The call came in to the rectory yesterday with an out-of-state area code, the caller identifying himself as the son of a 90-year-old woman on hospice care in a local northern Delaware nursing home.
“Father, my Mom is dying. I know they won’t let you in to anoint her because of Corona, but I was wondering …”
He pauses to compose himself, the words catching in his throat.
“I was wondering if you could do some sort of prayer service over the phone. My Mom can hear you; her heart can hear. She just can’t respond.”
And then this comment, which made me realize just how much we all need God when the Cross is heavy: “Father, she needs to hear God loves her and is with her in her suffering.”
Three weeks ago, I would have rushed to the assisted care facility (as any priest would), anointing this woman with the sacred oils and speaking the words of healing as the rite prescribes. It is another moment in the Church’s sacramental life that reminds us all that there is so much more to this journey than just the present moment; that our souls are made for eternity.
Opening up the ritual book, I began reading Scripture over the phone into the ear of the woman who spent her entire life raising a family who were now gowned in protective wear and permitted this last moment together in her room. I read the passage from John 14: “Do not let your hearts be troubled. Have faith in God and faith in me.” Then, hoping it would bring her soul peace, I told her that our Lord forgives her and lovingly waits for her, as did Our Lady and all the saints and angels.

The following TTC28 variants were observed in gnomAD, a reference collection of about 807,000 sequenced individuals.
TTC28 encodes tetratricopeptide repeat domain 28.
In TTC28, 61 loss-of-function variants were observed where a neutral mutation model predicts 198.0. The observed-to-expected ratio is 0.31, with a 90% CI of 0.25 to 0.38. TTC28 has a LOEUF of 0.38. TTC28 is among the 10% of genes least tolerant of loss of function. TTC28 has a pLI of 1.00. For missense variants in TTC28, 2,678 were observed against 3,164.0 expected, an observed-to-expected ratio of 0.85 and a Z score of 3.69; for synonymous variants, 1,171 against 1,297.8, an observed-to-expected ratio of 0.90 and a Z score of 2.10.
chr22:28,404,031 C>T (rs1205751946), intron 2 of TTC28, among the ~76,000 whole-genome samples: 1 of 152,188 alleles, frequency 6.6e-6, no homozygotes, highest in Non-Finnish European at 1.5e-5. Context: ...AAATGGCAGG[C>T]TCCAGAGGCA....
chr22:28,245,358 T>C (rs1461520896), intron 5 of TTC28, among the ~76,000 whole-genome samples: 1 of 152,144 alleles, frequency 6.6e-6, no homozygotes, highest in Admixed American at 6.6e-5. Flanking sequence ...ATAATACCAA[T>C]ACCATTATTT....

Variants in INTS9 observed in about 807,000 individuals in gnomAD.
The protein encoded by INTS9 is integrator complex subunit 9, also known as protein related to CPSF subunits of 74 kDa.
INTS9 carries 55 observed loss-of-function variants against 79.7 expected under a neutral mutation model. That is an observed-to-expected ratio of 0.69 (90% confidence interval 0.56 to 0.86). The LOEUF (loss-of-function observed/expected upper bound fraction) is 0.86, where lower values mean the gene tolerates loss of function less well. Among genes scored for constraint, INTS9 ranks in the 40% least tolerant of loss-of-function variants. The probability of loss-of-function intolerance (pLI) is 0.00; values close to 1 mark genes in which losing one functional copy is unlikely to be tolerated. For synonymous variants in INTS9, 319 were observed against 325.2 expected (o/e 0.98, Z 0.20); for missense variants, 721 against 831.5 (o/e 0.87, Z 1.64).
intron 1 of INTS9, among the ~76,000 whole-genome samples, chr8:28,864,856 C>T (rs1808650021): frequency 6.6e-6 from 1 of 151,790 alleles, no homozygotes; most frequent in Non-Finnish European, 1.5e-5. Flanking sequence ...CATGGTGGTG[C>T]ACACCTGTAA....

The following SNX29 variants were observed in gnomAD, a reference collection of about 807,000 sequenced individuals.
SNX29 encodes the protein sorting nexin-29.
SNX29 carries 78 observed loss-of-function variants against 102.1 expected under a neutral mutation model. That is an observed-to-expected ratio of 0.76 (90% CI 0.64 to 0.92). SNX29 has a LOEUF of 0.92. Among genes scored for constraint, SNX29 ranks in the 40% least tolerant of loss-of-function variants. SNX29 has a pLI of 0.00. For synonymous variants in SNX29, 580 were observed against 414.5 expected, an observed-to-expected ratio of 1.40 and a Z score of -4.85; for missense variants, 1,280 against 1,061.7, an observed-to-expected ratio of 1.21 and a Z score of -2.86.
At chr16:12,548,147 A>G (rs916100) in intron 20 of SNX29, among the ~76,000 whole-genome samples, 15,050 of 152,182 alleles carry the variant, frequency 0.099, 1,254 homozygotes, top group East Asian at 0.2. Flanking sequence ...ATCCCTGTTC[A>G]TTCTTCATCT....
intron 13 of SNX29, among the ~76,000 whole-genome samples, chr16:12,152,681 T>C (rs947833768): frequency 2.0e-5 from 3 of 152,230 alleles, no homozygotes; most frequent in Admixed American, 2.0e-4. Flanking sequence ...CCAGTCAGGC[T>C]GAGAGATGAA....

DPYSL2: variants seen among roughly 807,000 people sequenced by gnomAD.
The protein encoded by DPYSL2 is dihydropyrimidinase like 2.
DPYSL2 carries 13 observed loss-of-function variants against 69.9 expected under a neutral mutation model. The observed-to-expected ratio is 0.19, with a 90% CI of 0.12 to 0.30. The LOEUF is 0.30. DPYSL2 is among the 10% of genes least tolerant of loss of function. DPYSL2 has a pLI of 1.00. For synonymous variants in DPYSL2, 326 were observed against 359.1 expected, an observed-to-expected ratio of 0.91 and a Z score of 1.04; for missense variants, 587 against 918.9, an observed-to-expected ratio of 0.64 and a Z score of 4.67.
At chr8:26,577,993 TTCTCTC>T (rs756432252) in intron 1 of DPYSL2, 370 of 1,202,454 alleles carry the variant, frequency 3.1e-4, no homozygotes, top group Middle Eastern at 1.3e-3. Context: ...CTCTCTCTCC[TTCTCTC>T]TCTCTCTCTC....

Do not let your hearts be troubled. Have faith.
If there is one ‘Jesus statement’ that we need to keep hearing these days, it is this one. Write it on your hearts, stick it on your fridge, and place it next to your laptop. The Lord never abandons us in our hour of need, and will move heaven and earth to reach the souls that cry out to him …
Even if His words come by phone in a non-traditional, “let’s break through the roof and lower our friend to Jesus” kind of way.
Our God’s love and mercy can NEVER be limited. And He is always so good … always.
An hour later, the same area code appeared on the rectory’s caller id:
“Father, Mom just passed so very peacefully. Thanks for the prayers. We’re grateful that the Church was there for her.”
And thank you, good and faithful son, for doing what you needed to help your Mom get back Home.
Father Richard Jasper is associate pastor at St. Ann, Wilmington.